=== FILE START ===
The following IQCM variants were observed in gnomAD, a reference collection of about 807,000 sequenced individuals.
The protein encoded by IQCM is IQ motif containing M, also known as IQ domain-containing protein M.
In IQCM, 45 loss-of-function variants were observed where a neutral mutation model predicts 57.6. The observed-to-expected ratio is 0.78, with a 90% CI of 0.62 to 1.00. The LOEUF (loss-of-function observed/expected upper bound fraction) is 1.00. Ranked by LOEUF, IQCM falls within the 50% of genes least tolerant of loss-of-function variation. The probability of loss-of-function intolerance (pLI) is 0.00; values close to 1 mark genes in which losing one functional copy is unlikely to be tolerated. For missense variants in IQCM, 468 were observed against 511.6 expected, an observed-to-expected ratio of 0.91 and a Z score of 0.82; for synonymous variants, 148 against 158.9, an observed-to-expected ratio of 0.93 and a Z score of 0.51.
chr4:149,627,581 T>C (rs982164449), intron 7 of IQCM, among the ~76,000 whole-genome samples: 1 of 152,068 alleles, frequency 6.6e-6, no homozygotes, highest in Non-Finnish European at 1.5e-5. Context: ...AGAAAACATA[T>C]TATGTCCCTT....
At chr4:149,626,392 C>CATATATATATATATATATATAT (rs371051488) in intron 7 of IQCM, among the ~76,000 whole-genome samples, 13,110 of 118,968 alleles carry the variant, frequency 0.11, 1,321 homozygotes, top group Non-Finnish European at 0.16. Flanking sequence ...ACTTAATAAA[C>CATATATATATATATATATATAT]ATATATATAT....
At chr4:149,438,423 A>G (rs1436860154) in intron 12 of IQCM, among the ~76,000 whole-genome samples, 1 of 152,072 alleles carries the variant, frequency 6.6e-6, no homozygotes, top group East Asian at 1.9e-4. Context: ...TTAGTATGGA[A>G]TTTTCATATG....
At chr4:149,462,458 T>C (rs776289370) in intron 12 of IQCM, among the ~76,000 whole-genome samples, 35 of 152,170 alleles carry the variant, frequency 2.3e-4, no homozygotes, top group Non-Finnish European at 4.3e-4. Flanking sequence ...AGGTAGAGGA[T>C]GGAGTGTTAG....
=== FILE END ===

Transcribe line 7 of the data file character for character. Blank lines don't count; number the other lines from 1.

At chr4:149,462,458 T>C (rs776289370) in intron 12 of IQCM, among the ~76,000 whole-genome samples, 35 of 152,170 alleles carry the variant, frequency 2.3e-4, no homozygotes, top group Non-Finnish European at 4.3e-4. Flanking sequence ...AGGTAGAGGA[T>C]GGAGTGTTAG....